August is midsummer in British Columbia and the perfect time to get out of doors and into nature. While a few towns are buzzy with tourists in August, most of the province isn't. Whether you want to learn about First Nations culture, kayak along the coast, or embark on an epic remote hike, August is a good time to do it in British Columbia. Read on for more information on traveling to the province.


August is late summer in British Columbia, and the weather is generally warm and pleasant, and the days are long. There's a lot of variation in the province's climate from north to south, coast to mountains. In summer, inland areas tend to be hotter than the coast, but inland also has mountains where you can retreat from the heat at higher altitudes. 

Vancouver, on the southwestern coast, remains warm but moderate throughout the summer, with a minimum August temperature of 57°F (14°C) and a maximum of 72°F (22°C). On the other hand, inland areas can get quite a lot hotter, especially in the south. For example, Kelowna has a low of 53°F (12°C) and a high of 82°F (28°C). Northern areas experience a short summer, but temperatures can be quite pleasant. For example, Fort Nelson, in northeastern British Columbia and at roughly the same latitude as Juneau, Alaska, has a minimum of 48°F (9°C) and a maximum of 71°F (22°C).

Crowds & Costs

August is the peak summer season for travel to British Columbia. However, this means that a few favored destinations will be bustling, such as Whistler, Squamish, a few towns on Vancouver Island, and some access towns to popular national and provincial parks. At the same time, most of the large province will still be pretty quiet. Book transport and accommodation in advance if you want to spend time in popular regions, generally in the south, and a short journey from Vancouver.

Where to Go

Crowds at popular summer tourist spots make August a good month to explore British Columbia's more remote and less-visited areas. While Tofino and Victoria on Vancouver Island can get very busy in summer, other smaller towns on the island are more peaceful: Port Hardy, Nanaimo, and Ucluelet, are just a few. Farther north, the Haida Gwaii Archipelago (Queen Charlotte Islands) and the coastal Great Bear Rainforest are home to spectacular nature reserves waiting to be explored in summer. Experience unique ecosystems and plentiful wildlife without many other visitors around.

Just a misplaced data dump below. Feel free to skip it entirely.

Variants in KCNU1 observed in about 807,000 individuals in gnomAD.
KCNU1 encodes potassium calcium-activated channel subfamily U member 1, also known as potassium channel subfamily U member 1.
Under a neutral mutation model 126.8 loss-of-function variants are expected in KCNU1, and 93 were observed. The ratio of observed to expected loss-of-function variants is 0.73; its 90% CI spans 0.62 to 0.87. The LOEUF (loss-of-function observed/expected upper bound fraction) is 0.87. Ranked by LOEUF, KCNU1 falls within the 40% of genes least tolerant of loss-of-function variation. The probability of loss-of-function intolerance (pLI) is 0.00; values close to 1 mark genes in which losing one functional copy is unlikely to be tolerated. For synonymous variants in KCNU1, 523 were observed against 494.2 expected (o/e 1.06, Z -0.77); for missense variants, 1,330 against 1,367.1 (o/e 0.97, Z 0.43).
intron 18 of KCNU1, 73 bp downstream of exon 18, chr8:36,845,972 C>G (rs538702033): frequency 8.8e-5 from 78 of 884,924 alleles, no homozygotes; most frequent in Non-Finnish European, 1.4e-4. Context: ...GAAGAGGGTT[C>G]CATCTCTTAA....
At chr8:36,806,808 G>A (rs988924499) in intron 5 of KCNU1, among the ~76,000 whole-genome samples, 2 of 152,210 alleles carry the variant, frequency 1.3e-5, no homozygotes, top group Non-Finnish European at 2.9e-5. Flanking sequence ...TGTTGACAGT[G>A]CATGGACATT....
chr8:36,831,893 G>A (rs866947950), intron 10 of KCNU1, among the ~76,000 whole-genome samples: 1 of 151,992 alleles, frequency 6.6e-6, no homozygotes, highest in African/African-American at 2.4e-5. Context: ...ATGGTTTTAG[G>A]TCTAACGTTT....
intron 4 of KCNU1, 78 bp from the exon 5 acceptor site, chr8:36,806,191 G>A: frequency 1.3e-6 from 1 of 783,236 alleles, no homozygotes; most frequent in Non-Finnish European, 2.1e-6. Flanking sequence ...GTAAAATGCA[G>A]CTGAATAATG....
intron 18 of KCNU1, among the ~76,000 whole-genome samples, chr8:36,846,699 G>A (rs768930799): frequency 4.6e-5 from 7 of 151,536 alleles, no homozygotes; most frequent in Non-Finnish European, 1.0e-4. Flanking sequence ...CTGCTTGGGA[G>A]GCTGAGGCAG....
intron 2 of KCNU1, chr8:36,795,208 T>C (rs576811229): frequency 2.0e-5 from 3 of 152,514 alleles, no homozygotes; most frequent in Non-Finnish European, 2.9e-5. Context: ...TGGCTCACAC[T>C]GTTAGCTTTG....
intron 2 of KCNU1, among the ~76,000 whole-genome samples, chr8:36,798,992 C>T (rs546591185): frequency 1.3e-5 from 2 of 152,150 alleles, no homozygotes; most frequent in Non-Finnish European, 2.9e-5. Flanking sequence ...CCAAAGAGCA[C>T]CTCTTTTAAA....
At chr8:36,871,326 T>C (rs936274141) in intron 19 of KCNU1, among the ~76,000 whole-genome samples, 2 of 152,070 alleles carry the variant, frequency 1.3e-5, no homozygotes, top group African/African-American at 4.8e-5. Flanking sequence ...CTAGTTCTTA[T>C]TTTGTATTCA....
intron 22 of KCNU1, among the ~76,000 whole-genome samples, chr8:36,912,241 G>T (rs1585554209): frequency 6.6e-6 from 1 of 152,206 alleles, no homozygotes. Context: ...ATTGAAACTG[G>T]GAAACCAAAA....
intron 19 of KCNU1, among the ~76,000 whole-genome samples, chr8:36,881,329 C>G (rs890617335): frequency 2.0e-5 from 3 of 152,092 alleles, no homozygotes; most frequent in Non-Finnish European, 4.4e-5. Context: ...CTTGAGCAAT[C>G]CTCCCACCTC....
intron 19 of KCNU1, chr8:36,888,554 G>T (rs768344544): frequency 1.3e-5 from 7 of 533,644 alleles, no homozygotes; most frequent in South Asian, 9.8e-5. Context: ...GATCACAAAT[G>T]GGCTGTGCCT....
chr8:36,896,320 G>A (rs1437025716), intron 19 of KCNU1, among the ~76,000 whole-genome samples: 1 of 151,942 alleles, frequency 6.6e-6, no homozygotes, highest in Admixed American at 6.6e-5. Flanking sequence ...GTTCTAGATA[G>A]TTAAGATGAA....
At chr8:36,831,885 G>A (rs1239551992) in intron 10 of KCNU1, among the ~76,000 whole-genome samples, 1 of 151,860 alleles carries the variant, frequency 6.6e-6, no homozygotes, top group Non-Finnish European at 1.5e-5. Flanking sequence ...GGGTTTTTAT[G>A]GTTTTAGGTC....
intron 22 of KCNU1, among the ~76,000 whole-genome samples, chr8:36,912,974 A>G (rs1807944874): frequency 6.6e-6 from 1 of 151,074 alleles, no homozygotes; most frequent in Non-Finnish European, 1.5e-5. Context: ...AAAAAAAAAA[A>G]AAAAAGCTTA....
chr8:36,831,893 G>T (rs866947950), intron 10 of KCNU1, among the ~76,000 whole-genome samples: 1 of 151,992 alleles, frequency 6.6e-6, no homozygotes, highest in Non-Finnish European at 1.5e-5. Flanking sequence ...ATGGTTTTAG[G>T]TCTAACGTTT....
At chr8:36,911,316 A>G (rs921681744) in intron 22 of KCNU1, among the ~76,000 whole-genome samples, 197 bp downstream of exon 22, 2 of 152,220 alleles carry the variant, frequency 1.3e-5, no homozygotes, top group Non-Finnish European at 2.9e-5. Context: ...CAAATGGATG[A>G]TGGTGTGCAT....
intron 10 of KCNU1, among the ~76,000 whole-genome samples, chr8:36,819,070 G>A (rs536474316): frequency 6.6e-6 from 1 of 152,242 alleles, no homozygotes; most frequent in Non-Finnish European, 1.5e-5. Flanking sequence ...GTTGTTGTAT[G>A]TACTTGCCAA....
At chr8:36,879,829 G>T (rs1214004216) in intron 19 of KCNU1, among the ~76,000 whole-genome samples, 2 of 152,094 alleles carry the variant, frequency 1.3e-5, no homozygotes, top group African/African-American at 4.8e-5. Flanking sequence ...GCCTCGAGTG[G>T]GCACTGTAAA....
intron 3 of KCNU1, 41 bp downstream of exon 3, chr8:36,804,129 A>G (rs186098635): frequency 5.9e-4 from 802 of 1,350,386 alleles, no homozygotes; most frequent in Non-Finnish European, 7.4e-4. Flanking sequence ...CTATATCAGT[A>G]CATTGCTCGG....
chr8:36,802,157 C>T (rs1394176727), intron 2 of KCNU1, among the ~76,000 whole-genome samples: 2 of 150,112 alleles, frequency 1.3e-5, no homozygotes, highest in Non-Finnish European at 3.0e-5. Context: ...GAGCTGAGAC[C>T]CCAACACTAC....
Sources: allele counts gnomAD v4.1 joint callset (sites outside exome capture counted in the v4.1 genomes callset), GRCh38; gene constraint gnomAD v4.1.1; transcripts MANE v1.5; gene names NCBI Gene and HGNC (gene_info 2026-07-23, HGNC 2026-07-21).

Travelers looking for a good mix of outdoor adventure, beautiful scenery, and fascinating First Nations culture should consider visiting the inland town of Kamloops this month for the Kamloopa Powwow, held over three days. It's one of the most significant First Nations festivals in western Canada and attracts thousands of visitors to celebrate the Secwepemc culture. Enjoy a variety of First Nations music, dance, arts and crafts, and other traditional celebrations.

Plan your trip to British Columbia
Chat with a local specialist who can help organize your trip.

What to Do

August is the perfect time to take a kayaking tour. The islands, inlets, and sounds between Vancouver Island and the mainland are sheltered and at their best in August. You can take short tours from Vancouver Island or longer, multiday tours that include camping. Look out for orcas, whales, and bears while paddling around Desolation Sound or Johnstone Strait, or head farther north to the coast off of the Great Bear Rainforest. 

Fit, well-prepared travelers seeking a real adventure might consider doing the Mount Edziza Traverse. Located in the remote wilderness of northwestern British Columbia, this is often considered one of Canada's most beautiful and rewarding treks. Accessible only by floatplane, hike for five days across the alpine tundra against a backdrop of cinder cones, glaciers, and the mighty Coastal Range. Summer is short this far north, so August is the best time for this hike. While you can do this hike independently, it is very remote, and a trail marks only a small section. Going with a guide is preferable.

Events in August

Kamloopa Powwow, Kamloops. This midsummer festival in southern British Columbia celebrates First Nations cultures with song, dance, and traditional celebrations.

Abbotsford International Airshow, Abbotsford. The biggest airshow in Canada and one of the biggest in North America takes place over three days in August, southeast of Vancouver.

Edge of the World Music Festival, Haida Gwaii. Canadian and international musicians gather on the second weekend of August to play on the banks of the Tlell River.

Traveling to British Columbia in August? Check out these great itineraries

Outdoor Adventure along British Columbia's Coastline - 14 Days. This two-week road trip takes you through some of the most beautiful landscapes of the Sunshine Coast and Vancouver Island. You'll be based in four main locations: Desolation Sound, Strathcona Park, the Pacific Rim, and Salt Spring Island. 

Mount Edziza Traverse in Northern British Columbia - 10 Days. This is one of Canada's most beautiful and rewarding treks in the remote wilderness of northwestern British Columbia. A sacred landscape for the Tahltan First Nation, visiting this plateau was both a rite of passage and a journey of purification. 

British Columbia Circuit: Whistler, Shuswap & Okanagan Valley - 7 Days. A weeklong road trip featuring British Columbia's Coast Mountains and the wine region of the Okanagan. Starting and ending in Vancouver, you'll drive through Whistler, Sun Peaks, and then south through the Okanagan Valley to Kelowna and back to Vancouver.

More Helpful Information

British Columbia in July
British Columbia in September
Best Time to Visit British Columbia
How Many Days to Spend in British Columbia